• Cindybet Perez

Music Therapy at the Group Foster Home Shelters in Puerto Rico

Hurricane María brought with it catastrophe but also opened the doors for music therapy to go into the group foster home shelters in Puerto Rico.


In the midst of the catastrophe, many entities were moved by the desire to aid the island in different ways. Many non-profit organizations united to bring food, healthcare, and clothing among many other items and services of first need to the Puerto Rican people. The “Fundación Banco Popular” (Popular Bank Foundation) approached the “Fundación Música y País” (Music and Country Foundation) with a special interest in providing music therapy to meet the emotional needs of the children in the group foster home shelters in Puerto Rico. An alliance was made with the “Red de Albergues,” an association of shelter homes/organizations to help by identifying area and group foster home shelters with the most need.

Our first stage of the project was “first response emergency music therapy”. We did not know the participants and we had to be prepared to assess and meet the needs of our clients in our first meeting. As the project continued, there was better knowledge of the population, the shelters, their personnel and, their needs. There was the opportunity to create a therapeutic relationship with these communities too, an essential element to meet the therapeutic goals successfully.

In Puerto Rico, besides the typical foster homes, it is more common to have group homes for children and youth who are in the foster system than in states of the US. These group foster homes provide the children with many professionals and services to address their physical, mental, and medical needs effectively. Some of the children within this system are children who are in the custody of the state permanently or temporarily, usually because they have been removed from their family homes. The government philosophy tends to yield in favor of the children’s reunification with their parents or other family members. However, sometimes for this to happen there are different steps and processes, including the rehabilitation of the family home. The average of time for a child to be in the foster care system is 2 years. Many of the children stay longer and even reach adulthood while living in foster care. Research shows that children in foster care have challenges in the areas of socialization, development of rapport and relationships with adults and peers, excess or lack of physical and sensory information processing, mental health needs, self-regulation issues, and emotional processing and expression among others. (Callejón-Póo, et al., 2011; Eroski, n.d.; Layman, et al., 2012; McDonald, et al., 1996). Music therapy is an effective and non-threatening way to reach this population and help them achieve the therapeutic goals (Coholic, Lougheed & Cadell, 2009; Davis, 1997; Infinity Music Therapy Services, 2018; Layman et al., 2012; Panel Discussions, 1937.)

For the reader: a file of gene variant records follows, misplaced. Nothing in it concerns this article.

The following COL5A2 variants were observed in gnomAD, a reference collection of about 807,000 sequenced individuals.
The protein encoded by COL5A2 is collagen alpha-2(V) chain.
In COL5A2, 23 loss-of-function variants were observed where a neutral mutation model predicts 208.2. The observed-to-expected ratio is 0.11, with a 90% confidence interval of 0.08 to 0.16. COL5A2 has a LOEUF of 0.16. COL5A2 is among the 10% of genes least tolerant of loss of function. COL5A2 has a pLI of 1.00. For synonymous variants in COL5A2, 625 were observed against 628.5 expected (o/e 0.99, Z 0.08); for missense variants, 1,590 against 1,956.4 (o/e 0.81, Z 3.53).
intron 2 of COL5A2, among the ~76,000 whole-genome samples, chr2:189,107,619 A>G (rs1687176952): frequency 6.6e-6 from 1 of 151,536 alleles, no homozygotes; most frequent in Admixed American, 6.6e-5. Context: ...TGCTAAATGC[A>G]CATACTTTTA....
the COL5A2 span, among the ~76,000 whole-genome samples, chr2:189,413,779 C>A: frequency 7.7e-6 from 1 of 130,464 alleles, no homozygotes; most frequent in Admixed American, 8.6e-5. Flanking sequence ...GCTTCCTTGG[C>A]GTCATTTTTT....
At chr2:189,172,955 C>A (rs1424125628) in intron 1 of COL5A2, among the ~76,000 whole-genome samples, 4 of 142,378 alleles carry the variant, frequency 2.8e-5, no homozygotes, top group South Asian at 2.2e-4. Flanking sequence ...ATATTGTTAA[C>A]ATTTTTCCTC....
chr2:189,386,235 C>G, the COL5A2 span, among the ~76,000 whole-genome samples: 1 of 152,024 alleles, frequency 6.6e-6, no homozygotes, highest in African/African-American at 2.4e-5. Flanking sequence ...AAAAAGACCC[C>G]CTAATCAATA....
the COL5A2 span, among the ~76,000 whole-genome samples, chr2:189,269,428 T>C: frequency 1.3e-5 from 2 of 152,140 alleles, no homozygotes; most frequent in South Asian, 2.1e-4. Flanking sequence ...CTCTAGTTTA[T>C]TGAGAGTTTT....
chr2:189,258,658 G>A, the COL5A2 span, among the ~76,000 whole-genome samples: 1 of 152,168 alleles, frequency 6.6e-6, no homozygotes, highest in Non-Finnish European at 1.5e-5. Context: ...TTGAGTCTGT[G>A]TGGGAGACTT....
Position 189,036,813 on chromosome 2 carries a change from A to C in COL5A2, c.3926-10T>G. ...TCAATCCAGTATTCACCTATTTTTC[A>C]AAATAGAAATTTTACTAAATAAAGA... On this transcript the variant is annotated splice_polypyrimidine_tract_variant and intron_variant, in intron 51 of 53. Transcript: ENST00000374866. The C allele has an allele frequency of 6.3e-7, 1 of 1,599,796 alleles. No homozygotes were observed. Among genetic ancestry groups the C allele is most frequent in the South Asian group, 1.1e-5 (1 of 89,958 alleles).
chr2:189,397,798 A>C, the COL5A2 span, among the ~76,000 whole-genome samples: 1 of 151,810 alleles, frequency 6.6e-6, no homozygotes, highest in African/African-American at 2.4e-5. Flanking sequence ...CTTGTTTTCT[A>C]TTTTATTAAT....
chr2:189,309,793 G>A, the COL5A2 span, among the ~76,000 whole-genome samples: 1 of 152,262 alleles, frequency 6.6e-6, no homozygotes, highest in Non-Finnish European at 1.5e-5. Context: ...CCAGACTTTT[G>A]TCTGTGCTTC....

The music therapy goals used with the minors in group foster homes in Puerto Rico were designed from a combination of research and the clinical observations done by the music therapists. There is limited information and research on music therapy and the population of minors in foster care. Taking into account those clinical observations became key to the development of targeted goals that took into account the actual needs of the children, the cultural differences, and idiosyncrasy. This is a summary of the goals targeted in group sessions:

To increase emotional self-expression
To promote attention span
To develop mindfulness
To increase self-regulation
To develop empathy between peers

The results for this project have been extremely favorable. Data shows that there has been growth in all areas for all the shelters (an average of 80% of the goals were met), even in those that serve mostly children with special needs.

The greatest growth (based on pre and post assessments) was in the areas of socioemotional skills.

This music therapy project has grown and evolved thanks to the contribution and kindness of people who have believed in this evidence-based project. What started with two visits to 27 shelters supported by Fundación Banco Popular (2017), which turned to 8 visits to 26 shelters supported by The Hispanic Foundation and The Boston Foundation (2018) and then 20 visits in 15 shelters supported by the St. Clair Foundation (2019). It is expected that there will be a continuation of this service for the year 2020 with the continued support of the St. Clair Foundation. Other foundations, individuals and entire families have assisted the music therapists in acquiring appropriate instruments to serve these children (at the beginning the same instruments and props were shared by three music therapists).

Currently, there are five music therapists working to provide music therapy to these amazing children across the island.

For more information or to contribute to the music therapists to get appropriate musical instruments and materials, please send an email to cindybet.perez@gmail.com.

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